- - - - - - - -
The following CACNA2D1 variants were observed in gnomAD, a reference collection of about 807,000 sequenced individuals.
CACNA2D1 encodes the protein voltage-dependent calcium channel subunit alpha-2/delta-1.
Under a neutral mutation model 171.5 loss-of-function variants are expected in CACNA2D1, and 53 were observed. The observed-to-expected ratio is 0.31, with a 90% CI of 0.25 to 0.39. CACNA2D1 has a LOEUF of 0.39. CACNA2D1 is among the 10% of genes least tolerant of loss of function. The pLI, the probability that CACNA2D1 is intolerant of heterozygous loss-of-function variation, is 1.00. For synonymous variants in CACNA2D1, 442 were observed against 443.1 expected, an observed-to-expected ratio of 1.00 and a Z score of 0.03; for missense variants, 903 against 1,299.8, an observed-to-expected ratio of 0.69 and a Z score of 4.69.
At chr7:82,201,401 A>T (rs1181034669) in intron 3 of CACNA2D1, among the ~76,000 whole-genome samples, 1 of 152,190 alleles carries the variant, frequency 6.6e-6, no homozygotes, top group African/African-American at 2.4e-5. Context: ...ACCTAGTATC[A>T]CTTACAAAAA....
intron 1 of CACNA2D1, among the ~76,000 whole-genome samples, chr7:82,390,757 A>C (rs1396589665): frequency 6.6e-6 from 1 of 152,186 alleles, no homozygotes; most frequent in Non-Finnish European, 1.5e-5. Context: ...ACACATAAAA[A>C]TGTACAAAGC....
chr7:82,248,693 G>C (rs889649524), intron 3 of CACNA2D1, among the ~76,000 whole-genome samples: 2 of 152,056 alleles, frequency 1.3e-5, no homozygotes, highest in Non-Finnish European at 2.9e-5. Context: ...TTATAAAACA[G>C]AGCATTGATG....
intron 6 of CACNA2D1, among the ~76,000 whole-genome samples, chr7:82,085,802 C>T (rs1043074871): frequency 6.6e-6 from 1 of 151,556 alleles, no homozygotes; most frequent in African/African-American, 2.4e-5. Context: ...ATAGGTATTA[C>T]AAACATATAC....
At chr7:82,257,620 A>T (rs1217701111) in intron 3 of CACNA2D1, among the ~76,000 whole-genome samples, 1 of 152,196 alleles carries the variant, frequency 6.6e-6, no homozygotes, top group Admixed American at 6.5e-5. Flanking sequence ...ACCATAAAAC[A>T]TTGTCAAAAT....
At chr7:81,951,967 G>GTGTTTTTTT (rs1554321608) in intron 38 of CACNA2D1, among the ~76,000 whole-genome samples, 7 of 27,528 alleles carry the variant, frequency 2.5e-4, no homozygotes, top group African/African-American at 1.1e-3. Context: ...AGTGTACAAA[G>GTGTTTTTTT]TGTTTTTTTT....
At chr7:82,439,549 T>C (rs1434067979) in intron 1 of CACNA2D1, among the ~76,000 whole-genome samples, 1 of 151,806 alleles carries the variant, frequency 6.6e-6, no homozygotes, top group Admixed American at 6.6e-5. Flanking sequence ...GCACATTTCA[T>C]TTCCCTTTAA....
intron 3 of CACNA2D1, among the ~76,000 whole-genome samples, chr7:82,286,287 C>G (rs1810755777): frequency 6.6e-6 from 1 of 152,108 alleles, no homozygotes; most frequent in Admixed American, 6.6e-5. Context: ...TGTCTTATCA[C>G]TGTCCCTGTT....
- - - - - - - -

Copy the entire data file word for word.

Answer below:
The following CACNA2D1 variants were observed in gnomAD, a reference collection of about 807,000 sequenced individuals.
CACNA2D1 encodes the protein voltage-dependent calcium channel subunit alpha-2/delta-1.
Under a neutral mutation model 171.5 loss-of-function variants are expected in CACNA2D1, and 53 were observed. The observed-to-expected ratio is 0.31, with a 90% CI of 0.25 to 0.39. CACNA2D1 has a LOEUF of 0.39. CACNA2D1 is among the 10% of genes least tolerant of loss of function. The pLI, the probability that CACNA2D1 is intolerant of heterozygous loss-of-function variation, is 1.00. For synonymous variants in CACNA2D1, 442 were observed against 443.1 expected, an observed-to-expected ratio of 1.00 and a Z score of 0.03; for missense variants, 903 against 1,299.8, an observed-to-expected ratio of 0.69 and a Z score of 4.69.
At chr7:82,201,401 A>T (rs1181034669) in intron 3 of CACNA2D1, among the ~76,000 whole-genome samples, 1 of 152,190 alleles carries the variant, frequency 6.6e-6, no homozygotes, top group African/African-American at 2.4e-5. Context: ...ACCTAGTATC[A>T]CTTACAAAAA....
intron 1 of CACNA2D1, among the ~76,000 whole-genome samples, chr7:82,390,757 A>C (rs1396589665): frequency 6.6e-6 from 1 of 152,186 alleles, no homozygotes; most frequent in Non-Finnish European, 1.5e-5. Context: ...ACACATAAAA[A>C]TGTACAAAGC....
chr7:82,248,693 G>C (rs889649524), intron 3 of CACNA2D1, among the ~76,000 whole-genome samples: 2 of 152,056 alleles, frequency 1.3e-5, no homozygotes, highest in Non-Finnish European at 2.9e-5. Context: ...TTATAAAACA[G>C]AGCATTGATG....
intron 6 of CACNA2D1, among the ~76,000 whole-genome samples, chr7:82,085,802 C>T (rs1043074871): frequency 6.6e-6 from 1 of 151,556 alleles, no homozygotes; most frequent in African/African-American, 2.4e-5. Context: ...ATAGGTATTA[C>T]AAACATATAC....
At chr7:82,257,620 A>T (rs1217701111) in intron 3 of CACNA2D1, among the ~76,000 whole-genome samples, 1 of 152,196 alleles carries the variant, frequency 6.6e-6, no homozygotes, top group Admixed American at 6.5e-5. Flanking sequence ...ACCATAAAAC[A>T]TTGTCAAAAT....
At chr7:81,951,967 G>GTGTTTTTTT (rs1554321608) in intron 38 of CACNA2D1, among the ~76,000 whole-genome samples, 7 of 27,528 alleles carry the variant, frequency 2.5e-4, no homozygotes, top group African/African-American at 1.1e-3. Context: ...AGTGTACAAA[G>GTGTTTTTTT]TGTTTTTTTT....
At chr7:82,439,549 T>C (rs1434067979) in intron 1 of CACNA2D1, among the ~76,000 whole-genome samples, 1 of 151,806 alleles carries the variant, frequency 6.6e-6, no homozygotes, top group Admixed American at 6.6e-5. Flanking sequence ...GCACATTTCA[T>C]TTCCCTTTAA....
intron 3 of CACNA2D1, among the ~76,000 whole-genome samples, chr7:82,286,287 C>G (rs1810755777): frequency 6.6e-6 from 1 of 152,108 alleles, no homozygotes; most frequent in Admixed American, 6.6e-5. Context: ...TGTCTTATCA[C>G]TGTCCCTGTT....